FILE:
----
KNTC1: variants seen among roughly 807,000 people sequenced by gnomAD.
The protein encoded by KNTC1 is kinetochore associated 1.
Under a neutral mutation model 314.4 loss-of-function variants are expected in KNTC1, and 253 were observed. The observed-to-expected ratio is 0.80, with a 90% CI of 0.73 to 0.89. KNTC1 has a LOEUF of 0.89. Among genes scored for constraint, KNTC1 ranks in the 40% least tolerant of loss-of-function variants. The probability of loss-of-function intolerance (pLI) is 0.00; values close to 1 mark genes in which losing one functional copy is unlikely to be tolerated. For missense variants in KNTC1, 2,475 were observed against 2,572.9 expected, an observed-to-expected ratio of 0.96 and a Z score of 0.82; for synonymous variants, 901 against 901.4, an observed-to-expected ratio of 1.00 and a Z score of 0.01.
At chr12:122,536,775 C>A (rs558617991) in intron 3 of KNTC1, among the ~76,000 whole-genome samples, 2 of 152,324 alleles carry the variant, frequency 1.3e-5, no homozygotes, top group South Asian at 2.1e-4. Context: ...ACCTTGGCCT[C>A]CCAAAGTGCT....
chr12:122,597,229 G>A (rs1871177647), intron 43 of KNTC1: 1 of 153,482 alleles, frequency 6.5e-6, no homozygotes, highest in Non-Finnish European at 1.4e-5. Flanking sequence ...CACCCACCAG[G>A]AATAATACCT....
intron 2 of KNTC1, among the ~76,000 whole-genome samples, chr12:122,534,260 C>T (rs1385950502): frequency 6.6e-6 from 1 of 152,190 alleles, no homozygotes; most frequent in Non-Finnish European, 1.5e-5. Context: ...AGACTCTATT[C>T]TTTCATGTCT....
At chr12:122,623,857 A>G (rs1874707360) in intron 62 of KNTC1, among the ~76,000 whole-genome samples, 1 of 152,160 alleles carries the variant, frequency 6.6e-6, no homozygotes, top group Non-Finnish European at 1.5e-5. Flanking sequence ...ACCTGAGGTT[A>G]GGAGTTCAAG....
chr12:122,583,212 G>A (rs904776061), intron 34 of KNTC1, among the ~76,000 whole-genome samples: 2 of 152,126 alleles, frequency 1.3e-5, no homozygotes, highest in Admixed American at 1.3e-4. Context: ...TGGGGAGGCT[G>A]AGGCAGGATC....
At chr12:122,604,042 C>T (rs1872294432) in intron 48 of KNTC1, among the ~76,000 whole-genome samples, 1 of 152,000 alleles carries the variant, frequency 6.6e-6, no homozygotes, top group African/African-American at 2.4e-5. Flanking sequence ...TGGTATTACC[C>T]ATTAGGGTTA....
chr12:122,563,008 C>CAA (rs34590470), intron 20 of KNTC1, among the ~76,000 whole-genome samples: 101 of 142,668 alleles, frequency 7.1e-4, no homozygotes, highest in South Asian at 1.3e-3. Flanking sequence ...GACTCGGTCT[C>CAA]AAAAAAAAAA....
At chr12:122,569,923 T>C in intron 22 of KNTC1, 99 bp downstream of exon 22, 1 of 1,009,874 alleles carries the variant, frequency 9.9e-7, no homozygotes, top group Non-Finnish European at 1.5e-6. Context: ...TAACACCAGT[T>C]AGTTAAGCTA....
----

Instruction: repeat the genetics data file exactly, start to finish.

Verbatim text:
KNTC1: variants seen among roughly 807,000 people sequenced by gnomAD.
The protein encoded by KNTC1 is kinetochore associated 1.
Under a neutral mutation model 314.4 loss-of-function variants are expected in KNTC1, and 253 were observed. The observed-to-expected ratio is 0.80, with a 90% CI of 0.73 to 0.89. KNTC1 has a LOEUF of 0.89. Among genes scored for constraint, KNTC1 ranks in the 40% least tolerant of loss-of-function variants. The probability of loss-of-function intolerance (pLI) is 0.00; values close to 1 mark genes in which losing one functional copy is unlikely to be tolerated. For missense variants in KNTC1, 2,475 were observed against 2,572.9 expected, an observed-to-expected ratio of 0.96 and a Z score of 0.82; for synonymous variants, 901 against 901.4, an observed-to-expected ratio of 1.00 and a Z score of 0.01.
At chr12:122,536,775 C>A (rs558617991) in intron 3 of KNTC1, among the ~76,000 whole-genome samples, 2 of 152,324 alleles carry the variant, frequency 1.3e-5, no homozygotes, top group South Asian at 2.1e-4. Context: ...ACCTTGGCCT[C>A]CCAAAGTGCT....
chr12:122,597,229 G>A (rs1871177647), intron 43 of KNTC1: 1 of 153,482 alleles, frequency 6.5e-6, no homozygotes, highest in Non-Finnish European at 1.4e-5. Flanking sequence ...CACCCACCAG[G>A]AATAATACCT....
intron 2 of KNTC1, among the ~76,000 whole-genome samples, chr12:122,534,260 C>T (rs1385950502): frequency 6.6e-6 from 1 of 152,190 alleles, no homozygotes; most frequent in Non-Finnish European, 1.5e-5. Context: ...AGACTCTATT[C>T]TTTCATGTCT....
At chr12:122,623,857 A>G (rs1874707360) in intron 62 of KNTC1, among the ~76,000 whole-genome samples, 1 of 152,160 alleles carries the variant, frequency 6.6e-6, no homozygotes, top group Non-Finnish European at 1.5e-5. Flanking sequence ...ACCTGAGGTT[A>G]GGAGTTCAAG....
chr12:122,583,212 G>A (rs904776061), intron 34 of KNTC1, among the ~76,000 whole-genome samples: 2 of 152,126 alleles, frequency 1.3e-5, no homozygotes, highest in Admixed American at 1.3e-4. Context: ...TGGGGAGGCT[G>A]AGGCAGGATC....
At chr12:122,604,042 C>T (rs1872294432) in intron 48 of KNTC1, among the ~76,000 whole-genome samples, 1 of 152,000 alleles carries the variant, frequency 6.6e-6, no homozygotes, top group African/African-American at 2.4e-5. Flanking sequence ...TGGTATTACC[C>T]ATTAGGGTTA....
chr12:122,563,008 C>CAA (rs34590470), intron 20 of KNTC1, among the ~76,000 whole-genome samples: 101 of 142,668 alleles, frequency 7.1e-4, no homozygotes, highest in South Asian at 1.3e-3. Flanking sequence ...GACTCGGTCT[C>CAA]AAAAAAAAAA....
At chr12:122,569,923 T>C in intron 22 of KNTC1, 99 bp downstream of exon 22, 1 of 1,009,874 alleles carries the variant, frequency 9.9e-7, no homozygotes, top group Non-Finnish European at 1.5e-6. Context: ...TAACACCAGT[T>C]AGTTAAGCTA....